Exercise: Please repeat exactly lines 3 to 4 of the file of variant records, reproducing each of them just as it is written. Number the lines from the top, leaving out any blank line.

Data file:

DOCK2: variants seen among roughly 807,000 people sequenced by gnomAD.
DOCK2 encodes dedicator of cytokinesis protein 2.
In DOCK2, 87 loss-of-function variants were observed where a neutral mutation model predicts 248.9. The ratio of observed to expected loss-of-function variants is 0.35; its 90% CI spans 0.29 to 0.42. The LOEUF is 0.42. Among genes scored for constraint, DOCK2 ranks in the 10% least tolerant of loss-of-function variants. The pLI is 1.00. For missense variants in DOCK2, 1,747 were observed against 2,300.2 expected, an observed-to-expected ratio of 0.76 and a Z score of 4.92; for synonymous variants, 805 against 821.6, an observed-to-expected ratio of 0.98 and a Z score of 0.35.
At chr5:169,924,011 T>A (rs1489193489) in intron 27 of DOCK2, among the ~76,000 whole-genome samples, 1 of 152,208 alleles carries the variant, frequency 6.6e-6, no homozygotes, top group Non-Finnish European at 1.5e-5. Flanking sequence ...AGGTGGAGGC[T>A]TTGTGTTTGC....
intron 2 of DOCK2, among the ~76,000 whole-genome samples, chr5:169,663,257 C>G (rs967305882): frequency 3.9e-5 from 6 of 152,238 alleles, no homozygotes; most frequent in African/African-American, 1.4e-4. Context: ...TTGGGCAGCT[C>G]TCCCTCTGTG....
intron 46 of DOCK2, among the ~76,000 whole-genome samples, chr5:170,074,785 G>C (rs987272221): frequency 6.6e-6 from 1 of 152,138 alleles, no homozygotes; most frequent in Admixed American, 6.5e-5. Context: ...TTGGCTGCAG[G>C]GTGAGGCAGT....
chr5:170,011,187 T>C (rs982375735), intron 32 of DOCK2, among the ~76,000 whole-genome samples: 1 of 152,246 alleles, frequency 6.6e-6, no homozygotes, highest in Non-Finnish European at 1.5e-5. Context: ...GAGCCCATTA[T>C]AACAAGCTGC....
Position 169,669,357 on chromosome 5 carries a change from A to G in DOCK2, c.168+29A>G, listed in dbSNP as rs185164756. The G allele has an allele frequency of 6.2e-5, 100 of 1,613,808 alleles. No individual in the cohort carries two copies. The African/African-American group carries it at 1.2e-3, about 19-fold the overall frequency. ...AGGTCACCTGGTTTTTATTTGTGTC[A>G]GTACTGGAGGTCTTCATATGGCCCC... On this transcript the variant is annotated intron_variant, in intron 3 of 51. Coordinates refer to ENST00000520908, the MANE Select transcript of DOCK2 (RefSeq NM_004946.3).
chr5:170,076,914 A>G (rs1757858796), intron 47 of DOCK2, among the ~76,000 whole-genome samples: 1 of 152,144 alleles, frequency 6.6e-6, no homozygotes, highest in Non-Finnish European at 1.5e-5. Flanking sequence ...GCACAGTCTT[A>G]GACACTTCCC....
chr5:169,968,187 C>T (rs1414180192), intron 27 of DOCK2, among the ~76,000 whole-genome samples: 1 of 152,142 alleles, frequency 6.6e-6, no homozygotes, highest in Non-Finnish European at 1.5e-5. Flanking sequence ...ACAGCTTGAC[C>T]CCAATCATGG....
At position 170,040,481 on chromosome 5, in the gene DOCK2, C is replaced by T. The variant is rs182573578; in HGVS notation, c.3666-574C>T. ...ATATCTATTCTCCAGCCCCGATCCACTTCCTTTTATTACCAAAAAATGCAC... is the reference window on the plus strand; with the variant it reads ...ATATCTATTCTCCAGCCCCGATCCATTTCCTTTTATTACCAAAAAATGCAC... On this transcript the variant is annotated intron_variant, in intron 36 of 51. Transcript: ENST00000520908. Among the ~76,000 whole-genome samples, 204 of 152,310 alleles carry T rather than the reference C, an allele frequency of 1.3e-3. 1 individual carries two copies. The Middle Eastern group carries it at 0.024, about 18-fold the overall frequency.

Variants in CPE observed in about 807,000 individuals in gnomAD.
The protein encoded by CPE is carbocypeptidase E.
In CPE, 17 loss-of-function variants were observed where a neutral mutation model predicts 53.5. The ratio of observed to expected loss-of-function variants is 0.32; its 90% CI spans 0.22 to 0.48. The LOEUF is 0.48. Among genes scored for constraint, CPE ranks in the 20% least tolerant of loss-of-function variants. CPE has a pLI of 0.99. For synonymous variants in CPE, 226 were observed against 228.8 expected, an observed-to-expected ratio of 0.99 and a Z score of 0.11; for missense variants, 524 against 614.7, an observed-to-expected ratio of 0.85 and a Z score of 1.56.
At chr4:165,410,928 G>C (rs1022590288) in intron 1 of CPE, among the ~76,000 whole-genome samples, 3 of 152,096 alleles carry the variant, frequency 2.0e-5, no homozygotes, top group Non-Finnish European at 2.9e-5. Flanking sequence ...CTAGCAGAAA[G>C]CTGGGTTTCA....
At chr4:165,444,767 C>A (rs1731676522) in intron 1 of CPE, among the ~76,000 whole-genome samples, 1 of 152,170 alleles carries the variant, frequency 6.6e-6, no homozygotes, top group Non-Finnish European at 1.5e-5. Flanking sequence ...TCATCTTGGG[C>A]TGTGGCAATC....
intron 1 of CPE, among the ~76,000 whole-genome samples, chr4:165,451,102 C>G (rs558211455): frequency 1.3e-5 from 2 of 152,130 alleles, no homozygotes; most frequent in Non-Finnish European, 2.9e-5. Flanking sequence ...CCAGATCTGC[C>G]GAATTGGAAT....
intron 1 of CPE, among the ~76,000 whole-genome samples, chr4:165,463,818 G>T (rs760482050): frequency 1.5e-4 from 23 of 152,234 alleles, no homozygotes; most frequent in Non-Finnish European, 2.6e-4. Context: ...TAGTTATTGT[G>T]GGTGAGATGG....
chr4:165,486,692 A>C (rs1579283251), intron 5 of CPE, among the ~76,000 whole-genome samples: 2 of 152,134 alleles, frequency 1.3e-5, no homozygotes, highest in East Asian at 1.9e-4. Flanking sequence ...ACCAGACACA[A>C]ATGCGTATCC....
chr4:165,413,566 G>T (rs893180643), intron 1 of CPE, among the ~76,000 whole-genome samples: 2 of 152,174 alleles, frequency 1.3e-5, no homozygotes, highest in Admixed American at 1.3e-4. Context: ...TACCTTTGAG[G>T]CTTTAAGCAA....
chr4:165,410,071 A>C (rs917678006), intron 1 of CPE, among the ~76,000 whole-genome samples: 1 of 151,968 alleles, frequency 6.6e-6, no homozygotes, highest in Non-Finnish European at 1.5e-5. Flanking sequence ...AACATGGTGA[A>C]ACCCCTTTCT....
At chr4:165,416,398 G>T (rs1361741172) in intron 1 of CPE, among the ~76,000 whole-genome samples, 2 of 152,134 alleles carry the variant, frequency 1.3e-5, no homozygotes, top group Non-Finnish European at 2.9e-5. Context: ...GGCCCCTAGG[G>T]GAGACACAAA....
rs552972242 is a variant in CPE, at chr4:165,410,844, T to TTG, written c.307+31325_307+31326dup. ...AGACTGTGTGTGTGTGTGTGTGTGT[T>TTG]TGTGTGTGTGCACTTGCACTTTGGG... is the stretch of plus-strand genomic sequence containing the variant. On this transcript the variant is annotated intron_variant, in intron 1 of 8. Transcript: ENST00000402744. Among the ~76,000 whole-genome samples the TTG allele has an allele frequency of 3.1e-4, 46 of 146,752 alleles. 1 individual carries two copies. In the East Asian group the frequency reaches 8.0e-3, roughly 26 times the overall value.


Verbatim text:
In DOCK2, 87 loss-of-function variants were observed where a neutral mutation model predicts 248.9. The ratio of observed to expected loss-of-function variants is 0.35; its 90% CI spans 0.29 to 0.42. The LOEUF is 0.42. Among genes scored for constraint, DOCK2 ranks in the 10% least tolerant of loss-of-function variants. The pLI is 1.00. For missense variants in DOCK2, 1,747 were observed against 2,300.2 expected, an observed-to-expected ratio of 0.76 and a Z score of 4.92; for synonymous variants, 805 against 821.6, an observed-to-expected ratio of 0.98 and a Z score of 0.35.
At chr5:169,924,011 T>A (rs1489193489) in intron 27 of DOCK2, among the ~76,000 whole-genome samples, 1 of 152,208 alleles carries the variant, frequency 6.6e-6, no homozygotes, top group Non-Finnish European at 1.5e-5. Flanking sequence ...AGGTGGAGGC[T>A]TTGTGTTTGC....